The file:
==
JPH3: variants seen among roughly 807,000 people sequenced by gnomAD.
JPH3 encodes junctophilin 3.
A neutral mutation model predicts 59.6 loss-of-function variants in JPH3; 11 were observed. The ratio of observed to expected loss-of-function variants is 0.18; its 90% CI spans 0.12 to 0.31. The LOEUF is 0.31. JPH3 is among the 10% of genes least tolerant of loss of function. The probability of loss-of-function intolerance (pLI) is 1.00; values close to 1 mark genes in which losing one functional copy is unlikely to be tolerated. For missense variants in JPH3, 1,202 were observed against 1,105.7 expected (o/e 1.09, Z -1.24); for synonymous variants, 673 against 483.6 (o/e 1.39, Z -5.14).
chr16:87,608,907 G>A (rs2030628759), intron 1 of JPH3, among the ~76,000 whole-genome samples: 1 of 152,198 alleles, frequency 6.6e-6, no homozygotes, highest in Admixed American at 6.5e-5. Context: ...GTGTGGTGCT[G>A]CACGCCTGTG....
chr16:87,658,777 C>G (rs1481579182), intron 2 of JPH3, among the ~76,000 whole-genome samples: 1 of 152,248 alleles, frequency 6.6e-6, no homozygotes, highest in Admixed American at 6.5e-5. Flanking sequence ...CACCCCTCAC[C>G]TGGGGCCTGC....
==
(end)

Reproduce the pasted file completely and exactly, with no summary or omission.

JPH3: variants seen among roughly 807,000 people sequenced by gnomAD.
JPH3 encodes junctophilin 3.
A neutral mutation model predicts 59.6 loss-of-function variants in JPH3; 11 were observed. The ratio of observed to expected loss-of-function variants is 0.18; its 90% CI spans 0.12 to 0.31. The LOEUF is 0.31. JPH3 is among the 10% of genes least tolerant of loss of function. The probability of loss-of-function intolerance (pLI) is 1.00; values close to 1 mark genes in which losing one functional copy is unlikely to be tolerated. For missense variants in JPH3, 1,202 were observed against 1,105.7 expected (o/e 1.09, Z -1.24); for synonymous variants, 673 against 483.6 (o/e 1.39, Z -5.14).
chr16:87,608,907 G>A (rs2030628759), intron 1 of JPH3, among the ~76,000 whole-genome samples: 1 of 152,198 alleles, frequency 6.6e-6, no homozygotes, highest in Admixed American at 6.5e-5. Context: ...GTGTGGTGCT[G>A]CACGCCTGTG....
chr16:87,658,777 C>G (rs1481579182), intron 2 of JPH3, among the ~76,000 whole-genome samples: 1 of 152,248 alleles, frequency 6.6e-6, no homozygotes, highest in Admixed American at 6.5e-5. Flanking sequence ...CACCCCTCAC[C>G]TGGGGCCTGC....